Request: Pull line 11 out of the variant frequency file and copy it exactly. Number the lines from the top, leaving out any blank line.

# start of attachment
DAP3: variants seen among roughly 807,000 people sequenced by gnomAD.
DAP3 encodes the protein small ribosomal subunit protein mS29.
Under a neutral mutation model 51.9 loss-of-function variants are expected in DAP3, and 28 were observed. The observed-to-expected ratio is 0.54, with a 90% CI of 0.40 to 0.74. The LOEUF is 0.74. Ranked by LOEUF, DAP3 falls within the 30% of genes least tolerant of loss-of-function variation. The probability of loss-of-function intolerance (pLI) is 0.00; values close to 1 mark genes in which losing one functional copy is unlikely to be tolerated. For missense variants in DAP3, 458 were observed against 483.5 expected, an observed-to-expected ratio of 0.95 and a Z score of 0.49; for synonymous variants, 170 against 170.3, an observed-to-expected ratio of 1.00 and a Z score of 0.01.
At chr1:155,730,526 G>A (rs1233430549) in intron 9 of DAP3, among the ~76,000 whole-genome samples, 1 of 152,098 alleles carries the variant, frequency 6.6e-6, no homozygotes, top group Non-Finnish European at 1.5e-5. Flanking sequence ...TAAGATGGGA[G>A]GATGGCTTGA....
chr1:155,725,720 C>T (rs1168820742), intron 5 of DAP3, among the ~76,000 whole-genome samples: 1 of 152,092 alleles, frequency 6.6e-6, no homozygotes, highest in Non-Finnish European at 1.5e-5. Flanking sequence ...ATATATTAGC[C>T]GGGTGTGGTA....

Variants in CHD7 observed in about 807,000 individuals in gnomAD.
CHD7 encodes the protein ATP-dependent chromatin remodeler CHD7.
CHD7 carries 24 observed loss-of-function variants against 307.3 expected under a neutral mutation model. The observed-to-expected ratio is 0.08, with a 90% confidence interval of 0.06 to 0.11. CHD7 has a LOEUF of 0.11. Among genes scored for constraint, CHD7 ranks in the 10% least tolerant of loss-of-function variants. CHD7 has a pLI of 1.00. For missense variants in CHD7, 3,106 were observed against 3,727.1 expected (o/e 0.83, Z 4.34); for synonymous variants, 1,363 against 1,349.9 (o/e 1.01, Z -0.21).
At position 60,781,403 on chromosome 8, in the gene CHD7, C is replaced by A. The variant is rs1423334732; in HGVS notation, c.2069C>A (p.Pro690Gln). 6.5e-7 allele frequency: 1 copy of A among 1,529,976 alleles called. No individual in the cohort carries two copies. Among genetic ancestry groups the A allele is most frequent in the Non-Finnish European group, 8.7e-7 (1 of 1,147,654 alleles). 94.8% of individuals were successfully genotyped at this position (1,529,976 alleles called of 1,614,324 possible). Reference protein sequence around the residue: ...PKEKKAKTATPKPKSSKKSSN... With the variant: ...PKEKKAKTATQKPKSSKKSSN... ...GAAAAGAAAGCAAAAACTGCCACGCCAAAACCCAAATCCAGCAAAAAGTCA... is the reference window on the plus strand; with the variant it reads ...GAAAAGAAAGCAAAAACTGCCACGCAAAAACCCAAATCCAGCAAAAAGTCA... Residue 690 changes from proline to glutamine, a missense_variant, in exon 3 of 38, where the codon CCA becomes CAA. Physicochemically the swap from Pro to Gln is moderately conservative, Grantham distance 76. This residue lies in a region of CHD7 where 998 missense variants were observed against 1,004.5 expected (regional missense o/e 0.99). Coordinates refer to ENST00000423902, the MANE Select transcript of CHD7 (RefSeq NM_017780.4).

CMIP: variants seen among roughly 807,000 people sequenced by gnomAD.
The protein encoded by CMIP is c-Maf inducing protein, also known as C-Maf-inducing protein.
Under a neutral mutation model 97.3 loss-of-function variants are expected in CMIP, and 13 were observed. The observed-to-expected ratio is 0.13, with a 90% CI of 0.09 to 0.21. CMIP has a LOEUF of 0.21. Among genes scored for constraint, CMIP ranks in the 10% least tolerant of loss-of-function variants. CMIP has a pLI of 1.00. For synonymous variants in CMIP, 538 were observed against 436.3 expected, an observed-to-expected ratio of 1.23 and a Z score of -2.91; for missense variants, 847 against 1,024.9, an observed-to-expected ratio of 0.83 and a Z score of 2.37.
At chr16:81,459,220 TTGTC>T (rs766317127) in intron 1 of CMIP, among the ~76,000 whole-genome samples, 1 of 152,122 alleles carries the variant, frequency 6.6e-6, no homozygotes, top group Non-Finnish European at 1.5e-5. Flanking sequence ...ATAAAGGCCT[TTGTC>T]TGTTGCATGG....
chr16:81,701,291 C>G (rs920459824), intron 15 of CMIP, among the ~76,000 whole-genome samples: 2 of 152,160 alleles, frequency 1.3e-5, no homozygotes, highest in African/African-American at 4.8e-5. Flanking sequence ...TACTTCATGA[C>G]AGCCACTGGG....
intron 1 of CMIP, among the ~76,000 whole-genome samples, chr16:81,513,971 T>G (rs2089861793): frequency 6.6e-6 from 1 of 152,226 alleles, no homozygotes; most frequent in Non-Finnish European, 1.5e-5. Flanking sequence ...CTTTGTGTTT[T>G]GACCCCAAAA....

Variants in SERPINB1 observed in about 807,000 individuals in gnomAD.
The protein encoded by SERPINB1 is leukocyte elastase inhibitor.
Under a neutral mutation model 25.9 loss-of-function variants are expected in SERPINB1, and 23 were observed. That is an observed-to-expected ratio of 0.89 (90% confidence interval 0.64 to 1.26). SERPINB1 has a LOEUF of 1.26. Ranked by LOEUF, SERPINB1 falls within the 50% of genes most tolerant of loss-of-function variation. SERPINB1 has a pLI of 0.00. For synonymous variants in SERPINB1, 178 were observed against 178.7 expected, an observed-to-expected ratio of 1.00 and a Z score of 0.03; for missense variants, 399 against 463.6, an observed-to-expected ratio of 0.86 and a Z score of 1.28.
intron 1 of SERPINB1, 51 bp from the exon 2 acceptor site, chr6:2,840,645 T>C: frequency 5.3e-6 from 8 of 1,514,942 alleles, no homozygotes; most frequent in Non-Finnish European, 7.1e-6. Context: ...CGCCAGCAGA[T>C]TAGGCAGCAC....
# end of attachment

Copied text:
The protein encoded by CMIP is c-Maf inducing protein, also known as C-Maf-inducing protein.